Last weekend, members of the B. W. Wells Association and the Friends of Plant Conservation toured the Picture Creek Diabase Barrens in Granville County, North Carolina. The field trip was sponsored by Rob Evans and the state Plant Conservation Program and was led by Harry LeGrand of the North Carolina Natural Heritage Program and Rob. Dr. LeGrand has a long history with Picture Creek and was recently honored when a new species of Marshallia, which he discovered there, was named for him.
Harry LeGrand is on the left with the orange cap in the photograph below.
The Picture Creek Diabase Barrens is characterized as a small remnant of what was once a widespread Piedmont Prairie. Its 407 acres are home to a large number of plants that are listed as rare, endangered or threatened. Thus it is considered a Nationally Significant natural area. The occurrence of so many unique plants in this site is due primarily to the relatively rare mafic soils that are associated with shallow incursions of diabase rock. Over the past years, prescribed burns have been added to improve the habitat for rare species.
Picture Creek is probably best known for the federally endangered Smooth Coneflower – Echinacea laevigata. The population here is the largest known in the world. This year, the population at Picture Creek was just beginning to bloom; the two photos below are from a previous year at the same time and place.
Although the new species of Marshallia – Marshallia legrandii (Tall Barbara’s-buttons) – is not federally listed yet, it is a significantly rare plant, with only 2 known populations in existence, one at Picture Creek and one in Halifax County, Virginia, on similar mafic soil.
The separation of a new species may sometimes be based on significant but subtle differences in structure and behavior that might not be readily visible. But Marshallia legrandii is easily distinguished from its neighboring relatives by its greater height (hence the name Tall Barbara’s-buttons), large flower size, and its much deeper pink flower coloration. It also blooms almost a month later than its nearest relatives.
Below is a photograph of the flower of a common Marshallia in this area of the Piedmont – Marshallia obovata. It has been blooming for the last week or two. Note the small hints of pink or purple on some of the petals and the small size of the flower.
In contrast, Marshallia legrandii has a larger flower and much deeper pink or purple coloration on the petals. It is not blooming yet this year, so the photos are from a previous year in the same location.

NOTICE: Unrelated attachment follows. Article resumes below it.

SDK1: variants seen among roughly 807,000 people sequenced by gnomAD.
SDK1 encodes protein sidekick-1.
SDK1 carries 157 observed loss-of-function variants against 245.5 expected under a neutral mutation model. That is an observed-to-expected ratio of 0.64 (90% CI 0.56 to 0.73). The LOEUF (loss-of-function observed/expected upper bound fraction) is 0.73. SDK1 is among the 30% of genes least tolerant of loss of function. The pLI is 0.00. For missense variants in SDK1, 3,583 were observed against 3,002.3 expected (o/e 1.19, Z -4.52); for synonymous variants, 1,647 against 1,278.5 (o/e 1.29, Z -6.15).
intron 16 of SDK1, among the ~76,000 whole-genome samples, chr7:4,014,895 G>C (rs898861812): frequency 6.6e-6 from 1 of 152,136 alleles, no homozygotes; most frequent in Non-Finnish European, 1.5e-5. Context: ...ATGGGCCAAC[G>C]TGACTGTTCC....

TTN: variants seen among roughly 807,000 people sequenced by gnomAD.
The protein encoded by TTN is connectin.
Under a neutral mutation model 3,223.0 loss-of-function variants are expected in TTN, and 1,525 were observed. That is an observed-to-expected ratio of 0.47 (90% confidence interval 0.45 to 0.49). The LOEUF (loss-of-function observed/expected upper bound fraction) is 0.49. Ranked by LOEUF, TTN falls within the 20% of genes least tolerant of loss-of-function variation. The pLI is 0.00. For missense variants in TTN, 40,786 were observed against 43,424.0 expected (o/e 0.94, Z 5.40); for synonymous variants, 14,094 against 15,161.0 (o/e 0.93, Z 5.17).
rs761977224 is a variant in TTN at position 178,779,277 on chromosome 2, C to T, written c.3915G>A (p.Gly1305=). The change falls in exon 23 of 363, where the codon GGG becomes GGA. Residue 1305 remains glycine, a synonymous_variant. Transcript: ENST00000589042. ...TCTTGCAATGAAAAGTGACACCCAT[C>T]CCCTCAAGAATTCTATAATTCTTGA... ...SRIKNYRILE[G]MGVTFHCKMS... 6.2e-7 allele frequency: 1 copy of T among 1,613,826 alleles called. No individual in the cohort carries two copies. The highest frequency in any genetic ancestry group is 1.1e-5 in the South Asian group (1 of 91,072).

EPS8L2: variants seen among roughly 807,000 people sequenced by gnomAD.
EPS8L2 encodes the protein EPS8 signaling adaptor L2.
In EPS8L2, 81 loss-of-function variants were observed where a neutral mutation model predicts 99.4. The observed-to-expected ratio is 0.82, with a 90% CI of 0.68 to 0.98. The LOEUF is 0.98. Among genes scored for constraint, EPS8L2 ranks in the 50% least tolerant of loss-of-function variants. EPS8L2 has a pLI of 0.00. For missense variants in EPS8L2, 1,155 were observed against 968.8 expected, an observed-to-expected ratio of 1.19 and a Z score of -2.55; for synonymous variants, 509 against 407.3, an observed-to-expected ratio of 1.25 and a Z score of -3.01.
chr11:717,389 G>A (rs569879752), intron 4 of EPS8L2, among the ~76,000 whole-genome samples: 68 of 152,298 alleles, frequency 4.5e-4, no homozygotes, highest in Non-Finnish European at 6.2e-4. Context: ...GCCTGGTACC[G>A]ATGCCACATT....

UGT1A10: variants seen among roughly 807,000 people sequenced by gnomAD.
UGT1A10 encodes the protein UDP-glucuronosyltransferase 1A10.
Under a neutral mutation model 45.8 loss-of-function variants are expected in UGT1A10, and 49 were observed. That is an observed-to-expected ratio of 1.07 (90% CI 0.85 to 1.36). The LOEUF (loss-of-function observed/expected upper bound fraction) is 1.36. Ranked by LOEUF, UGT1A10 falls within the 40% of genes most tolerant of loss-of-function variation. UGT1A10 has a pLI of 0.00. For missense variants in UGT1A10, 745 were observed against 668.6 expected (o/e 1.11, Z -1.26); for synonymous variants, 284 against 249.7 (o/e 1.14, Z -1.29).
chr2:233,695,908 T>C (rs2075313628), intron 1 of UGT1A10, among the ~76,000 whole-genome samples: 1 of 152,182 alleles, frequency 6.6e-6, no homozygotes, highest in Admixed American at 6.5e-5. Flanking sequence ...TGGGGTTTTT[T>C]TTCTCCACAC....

Baptisia australis var. aberrans (Eastern Prairie Blue Wild Indigo) was in full bloom in the open glades. In the photo directly below, the large leaves of Silphium terebinthinaceum (Prairie Dock) can be seen directly behind the Wild Indigo. Both are state protected plants.
A closer view of the blooms of the Wild Indigo.
Phlox glaberrima (Smooth Phlox) was also blooming in good numbers in the open glades. This is one of the many species that have thrived and expanded since prescription burns were resumed at Picture Creek. Although it is not a state protected plant, it is uncommon in the Piedmont.
The woodland edges get enough sun from the open glades to allow shrubs like Rhus aromatica (Fragrant Sumac) to bloom and produce berries. Pictured below are the bright red berries of Fragrant Sumac, a sight not often seen in the shaded woodlands. Notice the hirsute (fuzzy, hairy) nature of the berries.
Blephilia ciliata is a woodmint that specifically thrives on diabase soils. In fact, one of its common names is Diabase Woodmint. It is also known as Pagoda Plant, and Downy Wood Mint.
The Picture Creek Diabase Barrens is owned by the State Department of Agriculture and managed by cooperating divisions within the Department. There is also a long history of assistance from the Natural Heritage Program and the North Carolina Museum of Natural Sciences. Further management steps are still ahead, to enable this unique prairie remnant to be preserved and restored.